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With the help of his campaign manager and a neighbour, Mr. Pattison set up the inaugural Pumpkin Prowl, an alt-Halloween designed for children of divorced parents, which sets Hamilton, Ont., trick-or-treaters loose about a week before tradition would dictate.

FamVeld/Getty Images/iStockphoto

Five years ago, while caught in the bustle of running for school trustee, Larry Pattison realized he’d be spending Halloween alone for the first time since his divorce.

“My ex-wife and I had only been separated for a couple years,” he said. “Up until that point my parents, myself and my sister had always enjoyed Halloween together with the kids.”

With the help of his campaign manager and a neighbour, Mr. Pattison set up the inaugural Pumpkin Prowl, an alt-Halloween designed for children of divorced parents, which sets Hamilton, Ont., trick-or-treaters loose about a week before tradition would dictate. This year’s prowl will take place Friday.

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The events begin in the evening, where for the first two hours attendees enjoy a pop-up fair in the park. Pride flags billow by pumpkins painted purple to raise awareness for epilepsy. The hum of bounce-castle generators fills the air. Prizes are raffled, sweets are doled out and people of all ages and ability levels converge to form an eclectic mix of myths and monsters.

At 6:30 p.m., everything shuts down and prowlers embark on a “safe trick-or-treat” down designated roads, where they’re met by outstretched, candy-filled hands.

While originally meant for the estimated 1.2 million divorced Canadians with children under 18, according to the latest Statistics Canada data, the Pumpkin Prowl has since evolved to encompass anyone and everyone, a commitment that may account for the event’s attendance doubling every year.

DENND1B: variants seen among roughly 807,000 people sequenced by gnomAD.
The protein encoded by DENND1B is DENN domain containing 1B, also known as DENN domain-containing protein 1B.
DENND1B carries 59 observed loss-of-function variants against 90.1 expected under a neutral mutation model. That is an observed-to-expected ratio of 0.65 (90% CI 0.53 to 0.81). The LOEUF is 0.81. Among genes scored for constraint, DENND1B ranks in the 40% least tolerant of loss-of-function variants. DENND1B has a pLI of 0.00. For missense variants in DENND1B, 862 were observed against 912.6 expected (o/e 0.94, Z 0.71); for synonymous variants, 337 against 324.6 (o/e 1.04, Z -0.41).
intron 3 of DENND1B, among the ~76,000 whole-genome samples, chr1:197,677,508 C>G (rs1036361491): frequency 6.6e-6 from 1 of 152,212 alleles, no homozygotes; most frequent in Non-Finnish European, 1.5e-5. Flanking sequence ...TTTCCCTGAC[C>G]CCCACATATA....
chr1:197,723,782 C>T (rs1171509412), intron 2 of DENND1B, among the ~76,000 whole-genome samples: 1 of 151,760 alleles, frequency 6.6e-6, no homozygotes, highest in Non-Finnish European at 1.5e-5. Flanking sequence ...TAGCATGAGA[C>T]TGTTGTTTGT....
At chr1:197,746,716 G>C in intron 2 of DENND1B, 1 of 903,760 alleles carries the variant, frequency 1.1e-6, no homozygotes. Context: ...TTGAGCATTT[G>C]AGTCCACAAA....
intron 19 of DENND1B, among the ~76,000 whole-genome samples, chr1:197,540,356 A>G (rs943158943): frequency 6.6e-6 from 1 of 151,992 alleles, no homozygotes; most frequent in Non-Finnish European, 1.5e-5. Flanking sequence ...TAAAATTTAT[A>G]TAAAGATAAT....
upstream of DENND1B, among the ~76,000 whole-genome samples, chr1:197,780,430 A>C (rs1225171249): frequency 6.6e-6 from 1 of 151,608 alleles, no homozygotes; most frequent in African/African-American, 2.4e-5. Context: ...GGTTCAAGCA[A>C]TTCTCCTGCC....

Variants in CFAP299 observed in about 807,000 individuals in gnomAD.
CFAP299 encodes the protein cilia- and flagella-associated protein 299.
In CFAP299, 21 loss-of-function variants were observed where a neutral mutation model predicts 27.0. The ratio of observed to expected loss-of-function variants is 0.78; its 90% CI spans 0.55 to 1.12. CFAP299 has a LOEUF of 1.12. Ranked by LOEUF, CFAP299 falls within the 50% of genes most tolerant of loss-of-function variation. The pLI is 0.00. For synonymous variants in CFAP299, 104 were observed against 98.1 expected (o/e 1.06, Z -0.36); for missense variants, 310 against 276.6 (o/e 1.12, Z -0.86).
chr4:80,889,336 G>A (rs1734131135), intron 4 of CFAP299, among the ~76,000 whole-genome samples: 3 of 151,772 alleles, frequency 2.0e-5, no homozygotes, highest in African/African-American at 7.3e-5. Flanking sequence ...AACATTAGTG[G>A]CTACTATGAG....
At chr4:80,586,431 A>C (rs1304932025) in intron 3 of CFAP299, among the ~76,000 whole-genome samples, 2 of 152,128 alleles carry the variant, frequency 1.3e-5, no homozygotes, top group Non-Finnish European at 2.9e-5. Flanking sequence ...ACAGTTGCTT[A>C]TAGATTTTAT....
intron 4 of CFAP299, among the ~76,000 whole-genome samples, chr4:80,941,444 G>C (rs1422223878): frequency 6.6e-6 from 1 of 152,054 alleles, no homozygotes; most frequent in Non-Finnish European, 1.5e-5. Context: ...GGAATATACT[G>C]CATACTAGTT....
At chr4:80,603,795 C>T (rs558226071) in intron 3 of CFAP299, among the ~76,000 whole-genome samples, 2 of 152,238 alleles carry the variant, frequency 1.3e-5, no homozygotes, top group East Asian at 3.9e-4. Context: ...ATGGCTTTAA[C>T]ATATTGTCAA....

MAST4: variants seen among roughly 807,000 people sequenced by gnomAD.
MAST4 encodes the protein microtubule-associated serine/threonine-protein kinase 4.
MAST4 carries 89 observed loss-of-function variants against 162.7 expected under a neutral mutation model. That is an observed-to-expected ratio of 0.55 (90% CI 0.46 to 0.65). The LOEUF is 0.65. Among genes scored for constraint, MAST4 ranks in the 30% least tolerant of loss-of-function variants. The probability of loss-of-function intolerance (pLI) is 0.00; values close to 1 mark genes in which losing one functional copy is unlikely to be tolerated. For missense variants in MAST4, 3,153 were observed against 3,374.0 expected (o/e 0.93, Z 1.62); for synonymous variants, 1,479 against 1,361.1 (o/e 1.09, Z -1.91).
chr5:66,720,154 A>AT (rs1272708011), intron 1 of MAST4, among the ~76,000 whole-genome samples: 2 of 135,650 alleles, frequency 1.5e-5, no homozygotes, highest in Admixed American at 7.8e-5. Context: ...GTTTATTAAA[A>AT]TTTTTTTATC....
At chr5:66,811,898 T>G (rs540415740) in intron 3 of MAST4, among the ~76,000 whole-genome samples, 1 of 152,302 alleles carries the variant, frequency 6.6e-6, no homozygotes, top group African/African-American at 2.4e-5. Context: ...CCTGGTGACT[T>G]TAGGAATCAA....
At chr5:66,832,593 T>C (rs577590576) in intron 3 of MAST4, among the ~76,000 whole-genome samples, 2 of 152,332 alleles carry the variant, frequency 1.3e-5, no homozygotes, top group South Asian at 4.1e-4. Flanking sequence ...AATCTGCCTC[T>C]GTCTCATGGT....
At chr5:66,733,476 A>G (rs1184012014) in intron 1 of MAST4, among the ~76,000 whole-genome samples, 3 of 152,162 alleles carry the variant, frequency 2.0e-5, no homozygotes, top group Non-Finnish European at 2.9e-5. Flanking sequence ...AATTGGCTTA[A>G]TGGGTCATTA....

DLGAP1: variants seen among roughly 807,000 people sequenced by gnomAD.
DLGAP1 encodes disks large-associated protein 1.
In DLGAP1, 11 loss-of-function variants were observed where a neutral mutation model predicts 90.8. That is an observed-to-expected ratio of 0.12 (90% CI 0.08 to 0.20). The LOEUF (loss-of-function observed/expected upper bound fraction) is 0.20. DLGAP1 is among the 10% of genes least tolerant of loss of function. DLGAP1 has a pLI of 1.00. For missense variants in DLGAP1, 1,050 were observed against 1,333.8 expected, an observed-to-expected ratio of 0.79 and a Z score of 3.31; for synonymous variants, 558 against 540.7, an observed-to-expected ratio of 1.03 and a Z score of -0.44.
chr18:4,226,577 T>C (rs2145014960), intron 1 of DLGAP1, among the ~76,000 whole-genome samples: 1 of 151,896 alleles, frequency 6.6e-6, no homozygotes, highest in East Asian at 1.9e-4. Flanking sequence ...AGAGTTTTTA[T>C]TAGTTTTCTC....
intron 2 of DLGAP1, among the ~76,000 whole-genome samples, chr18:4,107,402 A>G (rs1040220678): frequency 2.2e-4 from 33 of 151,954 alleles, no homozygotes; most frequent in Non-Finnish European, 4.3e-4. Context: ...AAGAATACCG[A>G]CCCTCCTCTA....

“This is absolutely an inclusive event,” he said. “I don’t care what age your kids are or if you’re divorced, if you enjoy Halloween come and enjoy it.”

Kayla Penner says the Pumpkin Prowl is important to her as the mother of disabled children.

“It’s the most amazing event in the world,” she says. “It’s very accessible for children in wheelchairs. All abilities are welcome and all children are accepted as who they are.”

Kayla’s daughter Karla, 12, who uses a wheelchair, says she likes how the whole neighbourhood gets involved with the prowl, as well as how accessible it is.

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“With Halloween you have to go up the stairs sometimes. At Pumpkin Prowl, people are waiting on the ground,” she says.

Reflecting on the growth of the Pumpkin Prowl over the years, Mr. Pattison begins to choke up as he says, for him, the best part has been seeing the way it’s brought his family together.

Prowl season means seeing his father helping with set-up and his mother handing out candy every year – in spite of her bad back. It means seeing his children mature from trick-or-treaters to volunteers, as they get in costume and go door-knocking in search of prowl participants.

“Larry started this for his kids, but it’s branched out and means so much for other families,” says Catherine Johnston, a four-time Pumpkin Prowl volunteer and sponsor. “It’s grown into something amazing. I know so many people who come every single year. It’s become their Halloween.”

When asked if she was excited for this year’s Pumpkin Prowl, Karla said that on a scale from 1-10, she’s at a 10.

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